Florida Governor Rick Scott hinted he was “getting close” to an agreement with the Seminole Tribe regarding portions of its gaming compact that expire next year. But House and Senate leaders rejected his offer to hold a special session in May.
In fact, one high-ranking Republican said about a special session, “It’s toast.” Scott apparently could not get enough Senate votes for a special-session agreement, and barely had 30 votes in the House. Senate President Don Gaetz said, “A special session this early would require a pretty Herculean effort, and it’s pretty unlikely at this point. We need more analysis and more time than just a couple of weeks. So far, we’ve had our ear pressed against a closed door with a glass.”
Lawmakers believe Scott is close to an agreement with the tribe. He is renegotiating a portion of the current gambling compact, signed by then-Governor Charlie Crist in 2010, that gave the Seminoles “exclusive” rights to blackjack at seven of its Florida locations in exchange for a minimum of $1 billion over five years. That part of the 2010 deal will expire on August 1, 2015. Scott is considering allowing the Seminoles to open more casinos, including one on a 50-acre property owned by the tribe in Fort Pierce, and add roulette and craps at some of their existing facilities. The tribe also could expand its operations in Broward County and Brighton. Scott is expected to reject destination resort-casinos and deny any expansion of gaming at the state’s parimutuels, but in return Scott is asking for a guarantee of $2.5 billion over seven years—a figure higher than the Seminoles’ current minimum annual requirement of $250 million.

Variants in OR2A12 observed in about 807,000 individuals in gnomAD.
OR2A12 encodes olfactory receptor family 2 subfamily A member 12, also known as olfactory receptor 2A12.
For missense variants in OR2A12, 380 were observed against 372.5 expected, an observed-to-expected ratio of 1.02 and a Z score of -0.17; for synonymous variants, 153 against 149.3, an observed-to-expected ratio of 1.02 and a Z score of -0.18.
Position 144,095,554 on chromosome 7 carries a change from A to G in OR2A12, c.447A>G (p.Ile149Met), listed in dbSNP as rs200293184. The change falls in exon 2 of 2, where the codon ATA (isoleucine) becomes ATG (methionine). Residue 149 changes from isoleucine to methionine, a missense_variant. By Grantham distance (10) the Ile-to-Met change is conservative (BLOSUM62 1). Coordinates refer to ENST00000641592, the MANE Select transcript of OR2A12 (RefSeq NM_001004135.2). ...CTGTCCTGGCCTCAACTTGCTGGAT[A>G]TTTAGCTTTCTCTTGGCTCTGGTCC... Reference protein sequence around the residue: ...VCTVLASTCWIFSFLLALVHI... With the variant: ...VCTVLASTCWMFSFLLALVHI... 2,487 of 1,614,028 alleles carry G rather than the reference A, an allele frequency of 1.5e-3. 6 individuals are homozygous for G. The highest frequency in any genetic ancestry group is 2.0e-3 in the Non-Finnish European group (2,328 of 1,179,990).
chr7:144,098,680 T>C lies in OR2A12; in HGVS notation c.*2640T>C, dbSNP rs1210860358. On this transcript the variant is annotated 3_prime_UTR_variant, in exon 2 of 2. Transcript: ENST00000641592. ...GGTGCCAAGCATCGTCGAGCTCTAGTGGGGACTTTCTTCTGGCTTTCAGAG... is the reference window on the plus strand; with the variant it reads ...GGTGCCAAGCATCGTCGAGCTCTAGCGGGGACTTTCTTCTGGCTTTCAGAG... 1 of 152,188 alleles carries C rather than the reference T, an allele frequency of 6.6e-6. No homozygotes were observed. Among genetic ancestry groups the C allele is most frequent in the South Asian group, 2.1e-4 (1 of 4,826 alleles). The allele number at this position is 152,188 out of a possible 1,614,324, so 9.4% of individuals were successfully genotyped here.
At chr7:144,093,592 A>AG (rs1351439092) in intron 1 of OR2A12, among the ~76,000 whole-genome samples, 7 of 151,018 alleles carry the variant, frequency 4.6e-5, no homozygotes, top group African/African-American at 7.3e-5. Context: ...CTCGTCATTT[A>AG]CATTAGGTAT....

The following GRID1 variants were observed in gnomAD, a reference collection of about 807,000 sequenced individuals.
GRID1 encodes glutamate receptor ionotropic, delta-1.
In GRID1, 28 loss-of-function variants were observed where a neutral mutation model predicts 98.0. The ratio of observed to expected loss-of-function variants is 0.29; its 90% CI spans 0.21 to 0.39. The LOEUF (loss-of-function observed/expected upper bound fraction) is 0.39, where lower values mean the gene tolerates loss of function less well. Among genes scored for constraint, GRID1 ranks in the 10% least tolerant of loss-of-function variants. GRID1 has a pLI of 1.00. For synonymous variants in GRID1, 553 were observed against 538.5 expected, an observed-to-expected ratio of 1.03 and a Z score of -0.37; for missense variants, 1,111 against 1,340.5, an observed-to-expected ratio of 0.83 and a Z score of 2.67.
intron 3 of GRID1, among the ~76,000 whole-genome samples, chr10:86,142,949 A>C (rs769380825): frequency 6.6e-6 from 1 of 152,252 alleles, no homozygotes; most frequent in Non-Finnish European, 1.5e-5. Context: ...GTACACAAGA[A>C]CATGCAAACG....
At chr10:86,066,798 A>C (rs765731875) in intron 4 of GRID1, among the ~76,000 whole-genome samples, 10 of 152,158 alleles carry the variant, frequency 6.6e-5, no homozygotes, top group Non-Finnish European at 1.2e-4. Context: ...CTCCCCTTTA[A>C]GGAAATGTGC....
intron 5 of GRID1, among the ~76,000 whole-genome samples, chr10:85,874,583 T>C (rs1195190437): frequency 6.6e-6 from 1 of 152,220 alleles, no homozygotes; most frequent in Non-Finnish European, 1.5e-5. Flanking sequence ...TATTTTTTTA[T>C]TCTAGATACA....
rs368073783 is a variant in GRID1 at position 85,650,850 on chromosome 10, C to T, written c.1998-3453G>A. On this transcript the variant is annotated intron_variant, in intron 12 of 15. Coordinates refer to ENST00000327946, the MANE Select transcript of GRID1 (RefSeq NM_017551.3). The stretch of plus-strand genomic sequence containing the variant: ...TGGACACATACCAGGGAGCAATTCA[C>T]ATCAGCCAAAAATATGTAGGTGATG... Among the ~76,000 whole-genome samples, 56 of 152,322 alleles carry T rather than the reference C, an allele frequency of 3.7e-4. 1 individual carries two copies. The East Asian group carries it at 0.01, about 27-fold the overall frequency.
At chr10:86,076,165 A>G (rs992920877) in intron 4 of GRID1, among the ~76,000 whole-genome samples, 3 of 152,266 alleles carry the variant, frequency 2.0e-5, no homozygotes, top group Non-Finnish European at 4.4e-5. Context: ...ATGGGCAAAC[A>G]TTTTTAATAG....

Frank Collins, a spokesman for Scott, emphasized that a final deal has not been reached. “There is no deal, and without a deal, there cannot be any decision on how to ratify a deal,” Collins said. A spokesman for the Seminoles said the tribe “is not commenting at this time.”
At Scott’s request, legislators put their debate on hold while he began talks with the tribe.